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Deadmonk
09-01-2003, 09:00 PM
hey, your site is cool!
but why only windows softs?
i m looking for Opera v <5 for gnu/linux but i can&#39; t find it :(((((

locustfurnace
09-01-2003, 10:46 PM
Tt was already discussed, in a similar request, and again in a question on hosting MAC software.
for one, hosting old GNU/Linux software is impossible and really not worth while. Since alot of the older software will not work with newer libs in a GNU/LINUX distros, Since alot of the dependencies change so fast, that even a program that worked with RedHat 7, might no longer work with RedHat8.
thats due to the rapid pace of software development in the Linux community, Even hosting 1 app on this site, would mean, you would have to also host the related deps. and that is a long chain of deps. to maintain.

Your requesting a program that doesnt come in source form, its just a bin file, that is usually statically linked to certain libs.
So it is an easier file to host, if one would to host it. But hosting and keeping old programs that are in source code, would mean when someone wants to build it, they will also expect the associated libs necessary to build such programs. And since GNU/Linux apps can be had in bin tarballs, src tarballs, rpms, debs, .slp, thats alot of files to host, and which does OV host, If they chose the rpms, someone will say why not host debs, and if you host debs, someone will say why not host tarballs. and some else might want older .slp files or slackware tgz. Then if you pick rpms, someone will want src.rpms. or i386rpms, then someone else will ask for i585rpms, or ppc.rpms. And if you host tar.gz, someone will want tar.bz2.
PLUS the fact that there exists alreayd alot of places that host GNU/LINUX apps.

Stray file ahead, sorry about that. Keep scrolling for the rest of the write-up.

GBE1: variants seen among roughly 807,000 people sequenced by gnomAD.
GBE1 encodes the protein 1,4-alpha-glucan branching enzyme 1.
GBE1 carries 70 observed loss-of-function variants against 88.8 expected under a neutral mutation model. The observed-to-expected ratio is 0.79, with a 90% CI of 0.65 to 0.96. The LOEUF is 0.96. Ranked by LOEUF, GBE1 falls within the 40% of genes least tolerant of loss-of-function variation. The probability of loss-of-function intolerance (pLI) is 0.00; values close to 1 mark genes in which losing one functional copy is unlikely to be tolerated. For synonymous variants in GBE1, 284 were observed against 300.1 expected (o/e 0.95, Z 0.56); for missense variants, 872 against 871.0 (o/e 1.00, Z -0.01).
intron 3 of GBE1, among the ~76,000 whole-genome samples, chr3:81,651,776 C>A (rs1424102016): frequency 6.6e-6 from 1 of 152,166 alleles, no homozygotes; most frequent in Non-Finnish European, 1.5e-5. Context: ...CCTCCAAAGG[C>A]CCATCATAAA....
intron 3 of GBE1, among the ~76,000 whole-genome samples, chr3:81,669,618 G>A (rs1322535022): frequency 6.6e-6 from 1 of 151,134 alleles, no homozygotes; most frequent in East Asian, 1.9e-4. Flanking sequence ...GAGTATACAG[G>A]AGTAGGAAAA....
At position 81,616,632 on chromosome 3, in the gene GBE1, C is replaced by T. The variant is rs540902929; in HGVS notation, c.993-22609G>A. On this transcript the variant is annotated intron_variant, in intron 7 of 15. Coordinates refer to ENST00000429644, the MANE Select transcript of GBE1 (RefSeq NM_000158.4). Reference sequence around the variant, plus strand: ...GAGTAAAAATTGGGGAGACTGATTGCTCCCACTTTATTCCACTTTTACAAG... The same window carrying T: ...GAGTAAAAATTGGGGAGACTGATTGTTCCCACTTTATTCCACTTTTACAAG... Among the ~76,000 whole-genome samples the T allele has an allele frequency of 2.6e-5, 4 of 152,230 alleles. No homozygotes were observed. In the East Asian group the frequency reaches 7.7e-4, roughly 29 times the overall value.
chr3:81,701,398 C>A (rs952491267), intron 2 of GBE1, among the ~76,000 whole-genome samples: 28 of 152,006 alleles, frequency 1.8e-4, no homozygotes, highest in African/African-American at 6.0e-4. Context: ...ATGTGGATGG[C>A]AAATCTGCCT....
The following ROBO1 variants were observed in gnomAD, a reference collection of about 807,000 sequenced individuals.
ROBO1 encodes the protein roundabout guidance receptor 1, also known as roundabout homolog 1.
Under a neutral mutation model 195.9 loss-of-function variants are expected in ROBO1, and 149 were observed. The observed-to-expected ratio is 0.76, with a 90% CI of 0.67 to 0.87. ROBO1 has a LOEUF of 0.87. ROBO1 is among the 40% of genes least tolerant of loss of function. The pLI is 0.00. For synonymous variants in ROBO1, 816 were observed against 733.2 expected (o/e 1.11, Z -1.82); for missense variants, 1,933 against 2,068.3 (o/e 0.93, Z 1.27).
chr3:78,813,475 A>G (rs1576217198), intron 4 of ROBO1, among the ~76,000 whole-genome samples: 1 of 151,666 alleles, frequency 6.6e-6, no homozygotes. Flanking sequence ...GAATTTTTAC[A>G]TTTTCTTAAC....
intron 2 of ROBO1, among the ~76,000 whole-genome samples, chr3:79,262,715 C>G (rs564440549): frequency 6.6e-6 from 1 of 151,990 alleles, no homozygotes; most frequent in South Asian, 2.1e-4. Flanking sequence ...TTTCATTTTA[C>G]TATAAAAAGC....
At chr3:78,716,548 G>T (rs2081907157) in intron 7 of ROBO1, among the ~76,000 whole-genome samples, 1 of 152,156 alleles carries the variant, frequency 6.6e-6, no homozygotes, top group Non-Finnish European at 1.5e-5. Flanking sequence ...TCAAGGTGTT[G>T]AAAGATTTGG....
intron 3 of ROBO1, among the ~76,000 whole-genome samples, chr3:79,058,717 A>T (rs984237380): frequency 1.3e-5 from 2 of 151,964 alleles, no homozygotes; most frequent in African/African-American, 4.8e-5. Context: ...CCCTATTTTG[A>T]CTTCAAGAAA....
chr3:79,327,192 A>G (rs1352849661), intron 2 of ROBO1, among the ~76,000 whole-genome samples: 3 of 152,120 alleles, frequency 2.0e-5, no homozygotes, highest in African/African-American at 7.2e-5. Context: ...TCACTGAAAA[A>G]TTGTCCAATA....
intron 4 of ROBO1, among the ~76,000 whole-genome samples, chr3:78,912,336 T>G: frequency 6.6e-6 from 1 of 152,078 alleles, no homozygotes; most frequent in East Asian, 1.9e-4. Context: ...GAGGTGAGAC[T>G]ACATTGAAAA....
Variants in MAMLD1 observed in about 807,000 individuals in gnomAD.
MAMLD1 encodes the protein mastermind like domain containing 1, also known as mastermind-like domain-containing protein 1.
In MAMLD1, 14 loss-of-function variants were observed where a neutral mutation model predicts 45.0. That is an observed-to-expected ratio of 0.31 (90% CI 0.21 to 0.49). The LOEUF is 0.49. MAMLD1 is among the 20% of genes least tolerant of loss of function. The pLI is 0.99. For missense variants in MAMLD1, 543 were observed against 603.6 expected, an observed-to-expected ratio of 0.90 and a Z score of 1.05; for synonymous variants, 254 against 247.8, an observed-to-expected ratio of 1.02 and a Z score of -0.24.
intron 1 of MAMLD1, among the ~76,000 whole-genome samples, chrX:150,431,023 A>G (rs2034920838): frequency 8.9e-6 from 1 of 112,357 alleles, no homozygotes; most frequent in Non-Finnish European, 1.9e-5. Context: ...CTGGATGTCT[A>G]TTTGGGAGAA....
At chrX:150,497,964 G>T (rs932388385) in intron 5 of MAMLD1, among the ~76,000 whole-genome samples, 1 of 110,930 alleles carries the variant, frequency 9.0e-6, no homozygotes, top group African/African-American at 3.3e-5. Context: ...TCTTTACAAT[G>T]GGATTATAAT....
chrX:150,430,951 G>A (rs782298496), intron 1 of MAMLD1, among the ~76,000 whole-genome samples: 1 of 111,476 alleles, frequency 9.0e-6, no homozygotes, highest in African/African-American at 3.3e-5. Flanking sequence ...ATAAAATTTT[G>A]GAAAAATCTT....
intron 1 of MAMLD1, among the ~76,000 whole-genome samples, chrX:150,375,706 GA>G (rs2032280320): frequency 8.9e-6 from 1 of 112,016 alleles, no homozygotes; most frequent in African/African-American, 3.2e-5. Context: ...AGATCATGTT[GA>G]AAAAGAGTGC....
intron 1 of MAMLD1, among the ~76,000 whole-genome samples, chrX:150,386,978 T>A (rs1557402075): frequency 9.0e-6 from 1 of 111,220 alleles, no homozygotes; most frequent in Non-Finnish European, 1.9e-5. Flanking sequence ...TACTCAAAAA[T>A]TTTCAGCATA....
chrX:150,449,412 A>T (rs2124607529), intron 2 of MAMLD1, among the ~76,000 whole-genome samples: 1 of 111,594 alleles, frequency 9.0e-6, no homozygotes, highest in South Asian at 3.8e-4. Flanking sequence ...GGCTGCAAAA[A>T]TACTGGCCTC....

But the reason for OV is to host old version of apps that have changed in such a way to make it difficult to run on present systems for users. Mainly due to bloat factor, ads, spyware and the like.
Which really is not a problem in GNU/Linux apps, since a large majoprity of the apps are free, and come in source code form, so if you dont like a newly added feture you can remove it from the source code, and recompile the app as you want, Which you can not do this in Windows apps.

But as I said, the problem with running older apps on new distros of Linux is that you might be unlikley to get them to work, since they were built against older libs, have older verison deps and which might no longer be present. thought this is not a absolute, but can cause problems.
A simple solution would be to purchase older CD&#39;s with the distro you want software for. Or download older distros, this way you will get thousands of older apps with each distro you can pick over.

Alot of the software creators will keep older version of their works around on their site, Since the apps take up a small amount of disk space it is much easier for them to keep older verison around even when newer apps have been built. But not for commerical software, like Opera. They prolly wont keep older version around.

after all this, what about the person who now wants old Amiga Software, or old Acorn software, or Commodore, or Atari, or CP/M or Deskmate titles.
Can&#39;t host every single old title out there, have to draw the line somewhere.

you can get this opera and see which version it is, the site doesnt specify
http://www.ibiblio.org/pub/Linux/apps/www/...&#33;INDEX.html (http://www.ibiblio.org/pub/Linux/apps/www/browsers/&#33;INDEX.html)